Tuesday, June 27, 2017 | Updated at 8:05 AM ET

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Trump Would Be Wrong to Reset U.S.-Cuba Policy

First Posted: Jun 16, 2017 07:02 AM EDT
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Why the President Should Maintain U.S.-Cuba Relations

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United States President Donald Trump, alongside Republican Senator Marco Rubio of Florida, spoke to a Miami crowd on Friday announcing his rollback of former President Barack Obama's rapprochement with Cuba. The boisterous cheers reached a climactic roar when the president declared the official cancellation of the U.S.-Cuba deal.

According to the new directive, diplomatic relations between Washington and Havana and their respective embassies will stay open. It will, however, push for tighter restrictions on tourism and business dealings with commercial entities owned by the military.

Circumventing the congressional U.S. embargo on the island, the Obama administration took action in December 2014 to thaw icy relations with Cuba, an act that, according to Pew Research Center, enjoys overwhelming support from the American public; 75% to be exact.

Garnering political points from the strong Cuban-American lobby, Mr. Trump is attempting to fulfill a rather empty promise to his Floridian constituents. Reversing course on the Obama-era policy initiatives with Cuba is a mistake for several reasons.

First, the 56-year-old strategy of isolation did little to accomplish America's goal of getting Cuba to do what it otherwise would not do. In other words, the Cuban government continued to act in its own interests with little regard for the economic pressure stemming from the embargo. Counterintuitively, the Cuban government used the embargo as an excuse to double-down on its actions.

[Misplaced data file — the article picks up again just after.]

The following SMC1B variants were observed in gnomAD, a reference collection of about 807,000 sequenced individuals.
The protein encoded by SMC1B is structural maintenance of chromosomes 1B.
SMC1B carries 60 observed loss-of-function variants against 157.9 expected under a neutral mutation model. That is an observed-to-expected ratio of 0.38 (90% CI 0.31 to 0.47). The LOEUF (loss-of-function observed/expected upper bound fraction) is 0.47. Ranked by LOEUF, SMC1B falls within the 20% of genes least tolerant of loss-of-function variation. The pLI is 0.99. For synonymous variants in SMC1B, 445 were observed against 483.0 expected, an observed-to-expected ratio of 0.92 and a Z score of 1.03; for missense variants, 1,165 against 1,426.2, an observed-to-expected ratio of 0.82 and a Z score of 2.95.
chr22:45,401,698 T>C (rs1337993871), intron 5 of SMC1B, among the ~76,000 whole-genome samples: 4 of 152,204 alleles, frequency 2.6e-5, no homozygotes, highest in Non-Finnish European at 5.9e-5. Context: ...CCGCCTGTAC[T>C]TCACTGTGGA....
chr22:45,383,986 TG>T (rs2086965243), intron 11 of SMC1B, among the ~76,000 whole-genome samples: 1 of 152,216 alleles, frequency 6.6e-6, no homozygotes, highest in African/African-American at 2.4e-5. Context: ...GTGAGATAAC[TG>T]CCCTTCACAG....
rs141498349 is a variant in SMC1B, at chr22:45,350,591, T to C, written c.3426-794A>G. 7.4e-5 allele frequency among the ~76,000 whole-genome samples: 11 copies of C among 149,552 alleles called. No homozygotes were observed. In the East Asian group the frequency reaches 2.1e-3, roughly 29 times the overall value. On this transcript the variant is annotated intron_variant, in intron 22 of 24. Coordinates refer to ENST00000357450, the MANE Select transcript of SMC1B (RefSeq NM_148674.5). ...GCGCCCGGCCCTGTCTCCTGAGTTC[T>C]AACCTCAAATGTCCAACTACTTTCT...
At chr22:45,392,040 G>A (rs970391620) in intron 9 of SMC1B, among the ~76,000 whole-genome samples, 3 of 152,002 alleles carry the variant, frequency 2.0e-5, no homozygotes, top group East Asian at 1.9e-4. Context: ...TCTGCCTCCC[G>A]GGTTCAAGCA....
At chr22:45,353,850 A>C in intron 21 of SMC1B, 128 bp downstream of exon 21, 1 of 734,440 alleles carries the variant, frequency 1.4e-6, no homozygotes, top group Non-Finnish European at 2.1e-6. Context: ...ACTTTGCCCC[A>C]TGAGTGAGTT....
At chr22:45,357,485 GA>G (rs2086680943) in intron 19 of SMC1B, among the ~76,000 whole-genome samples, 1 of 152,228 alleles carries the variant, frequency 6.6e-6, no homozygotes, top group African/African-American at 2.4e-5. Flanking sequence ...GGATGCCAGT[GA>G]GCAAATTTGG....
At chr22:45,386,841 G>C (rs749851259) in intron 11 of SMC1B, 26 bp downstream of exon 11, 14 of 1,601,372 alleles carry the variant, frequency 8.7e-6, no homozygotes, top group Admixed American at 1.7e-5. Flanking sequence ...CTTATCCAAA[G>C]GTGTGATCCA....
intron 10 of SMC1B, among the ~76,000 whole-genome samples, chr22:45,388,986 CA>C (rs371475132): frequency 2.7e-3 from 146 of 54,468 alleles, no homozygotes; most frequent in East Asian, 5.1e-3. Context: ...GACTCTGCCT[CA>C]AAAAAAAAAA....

Democratic values in Cuba, such as freedom of speech and basic human rights, were consistently repressed during the latter half of the 20th century. Therefore, to expect a different outcome from the same failed policy is irrational.

Second, Mr. Trump's ambiguous six-month stance regarding Cuba did not encourage American businesses to push for greater investment on the island. Riding high on the coattails of the Obama initiative, business leaders capitalized on information conveyed between both governments, which resulted in the safe investment of capital. The lack of commercial urgency does little to convince the president to adopt a policy favorable to businesses.

Third, the rest of America's economic competitors, namely China, have a strong interest in the evolving U.S.-Cuba dynamic. In terms of potential economic gains, many European and Canadian investors perceive an advantage over America's hesitation to work with Cuba. U.S.-Cuba relations during Mr. Obama's lame-duck term galvanized many of these outside parties to secure investment opportunities before the U.S. realized its failure to act more swiftly.

New governmental initiatives will always take time to visibly yield any fruitful gains. However, abiding by a tired policy, which, for decades, produced no benefits for any of the parties involved, is bound to sow deeper divisions and mistrust between the neighboring countries.

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